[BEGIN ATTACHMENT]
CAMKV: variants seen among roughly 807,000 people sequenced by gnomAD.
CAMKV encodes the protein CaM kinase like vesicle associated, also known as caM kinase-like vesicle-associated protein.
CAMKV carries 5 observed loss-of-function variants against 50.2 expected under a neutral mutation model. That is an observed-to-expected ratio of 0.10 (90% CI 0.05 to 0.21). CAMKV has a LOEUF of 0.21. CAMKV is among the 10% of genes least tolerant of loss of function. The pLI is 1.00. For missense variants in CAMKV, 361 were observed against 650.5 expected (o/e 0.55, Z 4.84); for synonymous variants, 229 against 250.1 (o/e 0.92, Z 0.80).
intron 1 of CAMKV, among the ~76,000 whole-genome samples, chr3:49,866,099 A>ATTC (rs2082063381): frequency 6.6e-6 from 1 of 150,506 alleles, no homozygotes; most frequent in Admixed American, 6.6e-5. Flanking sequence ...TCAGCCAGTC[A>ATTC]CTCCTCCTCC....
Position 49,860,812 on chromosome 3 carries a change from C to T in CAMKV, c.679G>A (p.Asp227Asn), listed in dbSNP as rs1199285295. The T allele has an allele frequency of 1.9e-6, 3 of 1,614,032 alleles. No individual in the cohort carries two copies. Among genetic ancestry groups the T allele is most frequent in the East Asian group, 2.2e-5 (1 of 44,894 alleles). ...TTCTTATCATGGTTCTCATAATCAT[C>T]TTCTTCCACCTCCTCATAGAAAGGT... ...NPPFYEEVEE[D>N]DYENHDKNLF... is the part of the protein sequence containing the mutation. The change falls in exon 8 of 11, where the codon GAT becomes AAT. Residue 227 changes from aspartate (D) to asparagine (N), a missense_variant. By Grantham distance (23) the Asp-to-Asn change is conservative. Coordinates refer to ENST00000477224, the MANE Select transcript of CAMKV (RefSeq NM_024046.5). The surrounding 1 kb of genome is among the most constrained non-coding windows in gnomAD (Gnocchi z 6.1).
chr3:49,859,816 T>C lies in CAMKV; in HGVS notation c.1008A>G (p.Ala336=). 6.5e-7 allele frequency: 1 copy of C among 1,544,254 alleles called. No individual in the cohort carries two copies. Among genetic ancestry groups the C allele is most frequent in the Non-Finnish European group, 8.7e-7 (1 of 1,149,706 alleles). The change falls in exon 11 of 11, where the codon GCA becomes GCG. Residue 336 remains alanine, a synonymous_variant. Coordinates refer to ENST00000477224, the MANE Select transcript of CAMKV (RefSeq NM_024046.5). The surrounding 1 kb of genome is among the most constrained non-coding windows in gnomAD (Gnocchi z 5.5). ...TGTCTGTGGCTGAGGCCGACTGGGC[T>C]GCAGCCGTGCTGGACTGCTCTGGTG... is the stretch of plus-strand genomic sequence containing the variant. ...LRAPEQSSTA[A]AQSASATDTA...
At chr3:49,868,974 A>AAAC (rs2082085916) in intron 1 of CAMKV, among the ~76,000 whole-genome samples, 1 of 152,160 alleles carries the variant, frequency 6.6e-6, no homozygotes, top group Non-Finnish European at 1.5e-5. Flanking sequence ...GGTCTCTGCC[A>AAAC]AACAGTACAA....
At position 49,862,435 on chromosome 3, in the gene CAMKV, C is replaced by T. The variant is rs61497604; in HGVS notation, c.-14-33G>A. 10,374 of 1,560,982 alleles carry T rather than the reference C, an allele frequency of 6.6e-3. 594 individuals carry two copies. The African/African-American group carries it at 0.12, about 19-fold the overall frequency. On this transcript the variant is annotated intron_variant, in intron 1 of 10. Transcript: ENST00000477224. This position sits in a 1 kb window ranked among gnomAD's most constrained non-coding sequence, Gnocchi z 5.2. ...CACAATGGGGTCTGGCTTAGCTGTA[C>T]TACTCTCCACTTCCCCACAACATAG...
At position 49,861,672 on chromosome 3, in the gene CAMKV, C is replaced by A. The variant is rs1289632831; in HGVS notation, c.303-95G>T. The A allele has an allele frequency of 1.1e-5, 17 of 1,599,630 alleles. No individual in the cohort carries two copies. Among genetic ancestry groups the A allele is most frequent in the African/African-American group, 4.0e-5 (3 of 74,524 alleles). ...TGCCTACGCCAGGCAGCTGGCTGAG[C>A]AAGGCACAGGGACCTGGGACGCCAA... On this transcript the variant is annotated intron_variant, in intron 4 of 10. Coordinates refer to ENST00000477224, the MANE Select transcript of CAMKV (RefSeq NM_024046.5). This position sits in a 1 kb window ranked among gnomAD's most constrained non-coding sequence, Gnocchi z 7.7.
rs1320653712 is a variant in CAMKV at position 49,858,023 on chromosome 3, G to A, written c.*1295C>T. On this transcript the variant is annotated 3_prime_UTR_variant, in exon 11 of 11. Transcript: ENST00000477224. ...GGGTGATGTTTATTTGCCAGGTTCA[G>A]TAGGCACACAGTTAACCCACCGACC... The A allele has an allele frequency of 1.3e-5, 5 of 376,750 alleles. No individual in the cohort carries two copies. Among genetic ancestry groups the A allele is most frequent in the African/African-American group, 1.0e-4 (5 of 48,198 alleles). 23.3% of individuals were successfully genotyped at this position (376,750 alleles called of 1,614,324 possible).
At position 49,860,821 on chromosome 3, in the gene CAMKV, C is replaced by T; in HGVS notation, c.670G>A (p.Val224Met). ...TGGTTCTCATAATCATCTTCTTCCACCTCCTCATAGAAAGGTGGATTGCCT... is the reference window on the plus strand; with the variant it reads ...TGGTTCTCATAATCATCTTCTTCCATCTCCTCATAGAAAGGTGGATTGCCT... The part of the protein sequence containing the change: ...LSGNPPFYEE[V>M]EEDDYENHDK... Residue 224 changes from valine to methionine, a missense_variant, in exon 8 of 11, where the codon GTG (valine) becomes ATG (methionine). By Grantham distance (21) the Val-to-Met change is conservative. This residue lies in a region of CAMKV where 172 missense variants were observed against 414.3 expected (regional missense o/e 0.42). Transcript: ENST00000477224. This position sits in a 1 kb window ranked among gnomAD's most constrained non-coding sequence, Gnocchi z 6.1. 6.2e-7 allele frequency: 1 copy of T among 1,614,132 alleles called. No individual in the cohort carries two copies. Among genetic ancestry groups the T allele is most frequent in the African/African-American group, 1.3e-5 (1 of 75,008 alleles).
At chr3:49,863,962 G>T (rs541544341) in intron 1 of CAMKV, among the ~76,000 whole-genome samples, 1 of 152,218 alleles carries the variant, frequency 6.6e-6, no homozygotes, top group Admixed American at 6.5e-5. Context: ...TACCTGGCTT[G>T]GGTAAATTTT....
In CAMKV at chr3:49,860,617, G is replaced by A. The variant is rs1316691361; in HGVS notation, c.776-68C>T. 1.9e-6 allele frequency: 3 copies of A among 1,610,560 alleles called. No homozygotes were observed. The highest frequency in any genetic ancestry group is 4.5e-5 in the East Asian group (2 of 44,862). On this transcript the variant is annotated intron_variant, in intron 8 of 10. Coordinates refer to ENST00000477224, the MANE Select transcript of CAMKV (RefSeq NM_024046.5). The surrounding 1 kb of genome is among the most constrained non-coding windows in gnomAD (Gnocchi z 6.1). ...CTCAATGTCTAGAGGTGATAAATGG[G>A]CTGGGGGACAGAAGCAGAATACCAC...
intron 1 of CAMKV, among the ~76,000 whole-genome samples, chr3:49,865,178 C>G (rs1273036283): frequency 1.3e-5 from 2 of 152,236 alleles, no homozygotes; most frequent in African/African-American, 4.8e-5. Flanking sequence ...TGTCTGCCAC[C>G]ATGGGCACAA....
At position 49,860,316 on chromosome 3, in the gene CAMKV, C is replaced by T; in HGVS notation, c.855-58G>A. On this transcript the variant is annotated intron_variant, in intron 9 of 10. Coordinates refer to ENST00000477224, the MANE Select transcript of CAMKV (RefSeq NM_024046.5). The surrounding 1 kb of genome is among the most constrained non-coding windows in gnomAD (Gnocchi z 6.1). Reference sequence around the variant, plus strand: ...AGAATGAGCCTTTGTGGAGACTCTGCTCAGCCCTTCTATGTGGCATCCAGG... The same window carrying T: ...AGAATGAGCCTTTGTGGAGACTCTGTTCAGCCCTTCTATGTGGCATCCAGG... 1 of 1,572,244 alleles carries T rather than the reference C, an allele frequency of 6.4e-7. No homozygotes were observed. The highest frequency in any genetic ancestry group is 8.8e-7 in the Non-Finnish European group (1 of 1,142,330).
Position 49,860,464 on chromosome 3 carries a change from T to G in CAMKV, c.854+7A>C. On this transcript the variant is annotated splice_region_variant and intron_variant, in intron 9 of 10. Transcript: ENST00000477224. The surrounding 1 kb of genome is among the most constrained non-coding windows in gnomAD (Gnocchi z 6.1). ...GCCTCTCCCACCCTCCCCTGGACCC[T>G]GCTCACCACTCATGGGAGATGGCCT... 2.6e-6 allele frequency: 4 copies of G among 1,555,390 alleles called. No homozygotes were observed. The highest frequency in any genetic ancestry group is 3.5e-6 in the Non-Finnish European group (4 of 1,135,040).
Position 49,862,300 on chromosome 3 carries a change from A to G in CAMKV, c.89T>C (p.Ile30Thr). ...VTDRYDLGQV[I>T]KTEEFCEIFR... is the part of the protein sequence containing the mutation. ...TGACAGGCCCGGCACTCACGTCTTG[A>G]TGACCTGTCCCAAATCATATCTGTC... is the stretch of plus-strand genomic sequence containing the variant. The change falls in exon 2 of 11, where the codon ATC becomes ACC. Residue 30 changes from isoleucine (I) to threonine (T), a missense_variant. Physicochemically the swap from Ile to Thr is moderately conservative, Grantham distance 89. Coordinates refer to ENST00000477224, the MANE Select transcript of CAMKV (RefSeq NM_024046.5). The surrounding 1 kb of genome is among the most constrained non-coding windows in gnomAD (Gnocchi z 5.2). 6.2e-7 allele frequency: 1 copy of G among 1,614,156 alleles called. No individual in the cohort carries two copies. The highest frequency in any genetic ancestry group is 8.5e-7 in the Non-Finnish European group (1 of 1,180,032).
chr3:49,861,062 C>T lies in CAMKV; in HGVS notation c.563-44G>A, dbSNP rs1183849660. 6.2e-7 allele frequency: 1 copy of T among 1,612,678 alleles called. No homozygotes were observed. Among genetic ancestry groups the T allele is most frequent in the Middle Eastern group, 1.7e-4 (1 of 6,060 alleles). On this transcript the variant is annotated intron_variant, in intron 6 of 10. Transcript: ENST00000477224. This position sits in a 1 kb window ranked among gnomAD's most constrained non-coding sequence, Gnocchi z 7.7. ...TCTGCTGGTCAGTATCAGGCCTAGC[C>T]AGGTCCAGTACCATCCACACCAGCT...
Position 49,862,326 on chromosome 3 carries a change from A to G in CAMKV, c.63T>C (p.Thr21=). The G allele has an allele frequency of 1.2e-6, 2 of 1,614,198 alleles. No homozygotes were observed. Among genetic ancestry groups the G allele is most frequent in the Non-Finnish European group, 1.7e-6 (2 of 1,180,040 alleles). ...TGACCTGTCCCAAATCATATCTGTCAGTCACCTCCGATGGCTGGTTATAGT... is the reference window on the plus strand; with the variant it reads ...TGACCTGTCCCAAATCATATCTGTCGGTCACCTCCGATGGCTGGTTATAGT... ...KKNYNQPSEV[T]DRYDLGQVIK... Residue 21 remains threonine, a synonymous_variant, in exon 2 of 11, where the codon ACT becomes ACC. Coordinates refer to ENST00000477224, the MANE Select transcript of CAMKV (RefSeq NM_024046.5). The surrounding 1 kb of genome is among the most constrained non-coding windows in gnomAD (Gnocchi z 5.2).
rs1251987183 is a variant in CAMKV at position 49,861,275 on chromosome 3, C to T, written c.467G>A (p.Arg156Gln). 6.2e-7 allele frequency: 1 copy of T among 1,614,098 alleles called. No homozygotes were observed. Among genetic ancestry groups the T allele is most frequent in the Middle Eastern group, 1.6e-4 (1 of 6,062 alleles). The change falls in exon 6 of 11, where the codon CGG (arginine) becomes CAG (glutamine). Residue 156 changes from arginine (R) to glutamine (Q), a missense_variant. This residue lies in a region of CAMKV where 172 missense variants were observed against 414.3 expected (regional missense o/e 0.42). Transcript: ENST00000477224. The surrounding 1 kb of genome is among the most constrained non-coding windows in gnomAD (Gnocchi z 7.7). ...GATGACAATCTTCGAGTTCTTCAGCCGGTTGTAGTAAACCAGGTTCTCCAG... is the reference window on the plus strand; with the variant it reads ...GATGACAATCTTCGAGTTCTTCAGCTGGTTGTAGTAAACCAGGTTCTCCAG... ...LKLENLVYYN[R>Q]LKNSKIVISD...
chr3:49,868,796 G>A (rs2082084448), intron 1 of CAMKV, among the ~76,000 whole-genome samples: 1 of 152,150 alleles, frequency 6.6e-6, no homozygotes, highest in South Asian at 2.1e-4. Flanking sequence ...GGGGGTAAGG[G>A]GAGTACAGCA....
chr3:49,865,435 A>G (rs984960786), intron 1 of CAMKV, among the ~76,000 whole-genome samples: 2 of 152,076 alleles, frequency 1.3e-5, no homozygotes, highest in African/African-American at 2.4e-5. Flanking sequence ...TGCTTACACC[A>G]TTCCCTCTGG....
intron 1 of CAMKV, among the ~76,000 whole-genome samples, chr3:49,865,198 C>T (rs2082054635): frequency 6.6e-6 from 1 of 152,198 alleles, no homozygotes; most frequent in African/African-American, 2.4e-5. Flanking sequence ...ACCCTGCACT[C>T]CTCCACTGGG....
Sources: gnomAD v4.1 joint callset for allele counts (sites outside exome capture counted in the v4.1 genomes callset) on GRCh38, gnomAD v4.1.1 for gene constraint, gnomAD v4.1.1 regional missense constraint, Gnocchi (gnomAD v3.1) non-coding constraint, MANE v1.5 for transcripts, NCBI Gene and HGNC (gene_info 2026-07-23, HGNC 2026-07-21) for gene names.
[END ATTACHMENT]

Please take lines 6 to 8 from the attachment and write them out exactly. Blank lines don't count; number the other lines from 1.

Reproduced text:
chr3:49,859,816 T>C lies in CAMKV; in HGVS notation c.1008A>G (p.Ala336=). 6.5e-7 allele frequency: 1 copy of C among 1,544,254 alleles called. No individual in the cohort carries two copies. Among genetic ancestry groups the C allele is most frequent in the Non-Finnish European group, 8.7e-7 (1 of 1,149,706 alleles). The change falls in exon 11 of 11, where the codon GCA becomes GCG. Residue 336 remains alanine, a synonymous_variant. Coordinates refer to ENST00000477224, the MANE Select transcript of CAMKV (RefSeq NM_024046.5). The surrounding 1 kb of genome is among the most constrained non-coding windows in gnomAD (Gnocchi z 5.5). ...TGTCTGTGGCTGAGGCCGACTGGGC[T>C]GCAGCCGTGCTGGACTGCTCTGGTG... is the stretch of plus-strand genomic sequence containing the variant. ...LRAPEQSSTA[A]AQSASATDTA...
At chr3:49,868,974 A>AAAC (rs2082085916) in intron 1 of CAMKV, among the ~76,000 whole-genome samples, 1 of 152,160 alleles carries the variant, frequency 6.6e-6, no homozygotes, top group Non-Finnish European at 1.5e-5. Flanking sequence ...GGTCTCTGCC[A>AAAC]AACAGTACAA....
At position 49,862,435 on chromosome 3, in the gene CAMKV, C is replaced by T. The variant is rs61497604; in HGVS notation, c.-14-33G>A. 10,374 of 1,560,982 alleles carry T rather than the reference C, an allele frequency of 6.6e-3. 594 individuals carry two copies. The African/African-American group carries it at 0.12, about 19-fold the overall frequency. On this transcript the variant is annotated intron_variant, in intron 1 of 10. Transcript: ENST00000477224. This position sits in a 1 kb window ranked among gnomAD's most constrained non-coding sequence, Gnocchi z 5.2. ...CACAATGGGGTCTGGCTTAGCTGTA[C>T]TACTCTCCACTTCCCCACAACATAG...